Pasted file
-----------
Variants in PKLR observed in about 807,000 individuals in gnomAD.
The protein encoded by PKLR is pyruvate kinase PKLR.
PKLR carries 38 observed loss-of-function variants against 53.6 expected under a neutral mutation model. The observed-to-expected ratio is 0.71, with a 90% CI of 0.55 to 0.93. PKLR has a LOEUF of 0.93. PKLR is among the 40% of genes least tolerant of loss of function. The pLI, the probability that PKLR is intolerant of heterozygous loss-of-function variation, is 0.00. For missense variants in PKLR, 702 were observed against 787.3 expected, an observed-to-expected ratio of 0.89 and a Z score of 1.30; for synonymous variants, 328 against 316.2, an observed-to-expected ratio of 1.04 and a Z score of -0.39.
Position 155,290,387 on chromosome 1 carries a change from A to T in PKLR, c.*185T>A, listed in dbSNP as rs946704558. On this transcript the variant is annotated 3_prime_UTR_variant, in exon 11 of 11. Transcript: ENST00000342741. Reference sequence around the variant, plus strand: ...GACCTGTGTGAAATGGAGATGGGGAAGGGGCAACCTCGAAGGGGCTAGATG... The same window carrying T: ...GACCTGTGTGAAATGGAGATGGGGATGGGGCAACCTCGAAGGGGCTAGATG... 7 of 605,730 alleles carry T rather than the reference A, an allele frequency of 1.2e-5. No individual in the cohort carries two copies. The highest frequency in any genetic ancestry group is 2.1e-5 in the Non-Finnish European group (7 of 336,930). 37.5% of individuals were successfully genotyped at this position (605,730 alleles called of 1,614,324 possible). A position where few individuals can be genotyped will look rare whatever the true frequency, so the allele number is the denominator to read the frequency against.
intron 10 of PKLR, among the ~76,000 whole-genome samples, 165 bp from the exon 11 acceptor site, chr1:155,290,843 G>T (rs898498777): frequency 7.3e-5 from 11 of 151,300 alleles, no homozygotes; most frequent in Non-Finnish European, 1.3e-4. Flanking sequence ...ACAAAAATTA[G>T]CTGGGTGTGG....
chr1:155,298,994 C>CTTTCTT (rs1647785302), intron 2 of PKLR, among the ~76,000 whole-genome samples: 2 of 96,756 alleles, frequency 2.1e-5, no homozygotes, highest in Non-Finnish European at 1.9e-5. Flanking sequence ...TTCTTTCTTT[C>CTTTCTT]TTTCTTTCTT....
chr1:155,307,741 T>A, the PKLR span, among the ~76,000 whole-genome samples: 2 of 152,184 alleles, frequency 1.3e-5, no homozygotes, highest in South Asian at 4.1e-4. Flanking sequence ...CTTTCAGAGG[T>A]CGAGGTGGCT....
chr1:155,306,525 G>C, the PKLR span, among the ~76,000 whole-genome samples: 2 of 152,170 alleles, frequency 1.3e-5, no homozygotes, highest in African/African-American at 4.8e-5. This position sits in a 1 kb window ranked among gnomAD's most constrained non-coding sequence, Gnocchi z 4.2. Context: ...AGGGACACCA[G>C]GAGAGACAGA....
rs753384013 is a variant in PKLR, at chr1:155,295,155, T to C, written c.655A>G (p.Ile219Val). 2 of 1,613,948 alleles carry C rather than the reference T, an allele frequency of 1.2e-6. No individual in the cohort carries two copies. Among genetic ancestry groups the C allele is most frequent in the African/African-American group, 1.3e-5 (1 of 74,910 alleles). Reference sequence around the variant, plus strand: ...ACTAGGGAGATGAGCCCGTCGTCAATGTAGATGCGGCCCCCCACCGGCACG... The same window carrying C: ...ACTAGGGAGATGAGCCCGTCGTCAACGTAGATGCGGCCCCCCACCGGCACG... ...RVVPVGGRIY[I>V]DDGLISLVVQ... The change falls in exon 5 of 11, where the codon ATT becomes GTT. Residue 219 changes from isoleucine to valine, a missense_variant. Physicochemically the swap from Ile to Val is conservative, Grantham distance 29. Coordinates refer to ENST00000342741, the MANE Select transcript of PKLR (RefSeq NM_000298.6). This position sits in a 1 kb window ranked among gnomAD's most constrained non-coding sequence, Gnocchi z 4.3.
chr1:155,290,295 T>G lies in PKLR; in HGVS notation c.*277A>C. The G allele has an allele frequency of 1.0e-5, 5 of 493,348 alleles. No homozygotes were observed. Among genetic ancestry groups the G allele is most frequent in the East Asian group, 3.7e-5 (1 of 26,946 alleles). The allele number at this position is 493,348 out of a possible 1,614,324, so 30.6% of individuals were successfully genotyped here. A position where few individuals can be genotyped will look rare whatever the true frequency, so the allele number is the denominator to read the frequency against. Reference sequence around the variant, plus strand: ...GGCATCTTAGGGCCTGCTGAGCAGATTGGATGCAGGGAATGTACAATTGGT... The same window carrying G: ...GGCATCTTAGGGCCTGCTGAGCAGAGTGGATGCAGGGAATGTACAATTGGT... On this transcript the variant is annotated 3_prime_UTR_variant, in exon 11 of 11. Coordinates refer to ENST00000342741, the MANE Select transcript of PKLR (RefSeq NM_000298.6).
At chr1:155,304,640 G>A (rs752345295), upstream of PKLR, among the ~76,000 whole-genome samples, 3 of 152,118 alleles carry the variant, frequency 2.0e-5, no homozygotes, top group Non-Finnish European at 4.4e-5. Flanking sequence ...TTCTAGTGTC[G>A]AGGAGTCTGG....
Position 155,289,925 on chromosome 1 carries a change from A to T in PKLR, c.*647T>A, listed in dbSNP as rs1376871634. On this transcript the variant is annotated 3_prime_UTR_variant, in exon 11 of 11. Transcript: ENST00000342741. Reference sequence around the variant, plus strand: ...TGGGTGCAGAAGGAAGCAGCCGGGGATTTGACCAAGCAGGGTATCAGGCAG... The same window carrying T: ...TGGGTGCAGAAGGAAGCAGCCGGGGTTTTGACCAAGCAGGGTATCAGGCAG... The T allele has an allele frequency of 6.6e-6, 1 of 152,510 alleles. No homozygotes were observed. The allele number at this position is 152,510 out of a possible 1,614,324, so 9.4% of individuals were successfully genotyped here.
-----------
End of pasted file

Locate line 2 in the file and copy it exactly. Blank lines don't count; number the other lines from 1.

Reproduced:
The protein encoded by PKLR is pyruvate kinase PKLR.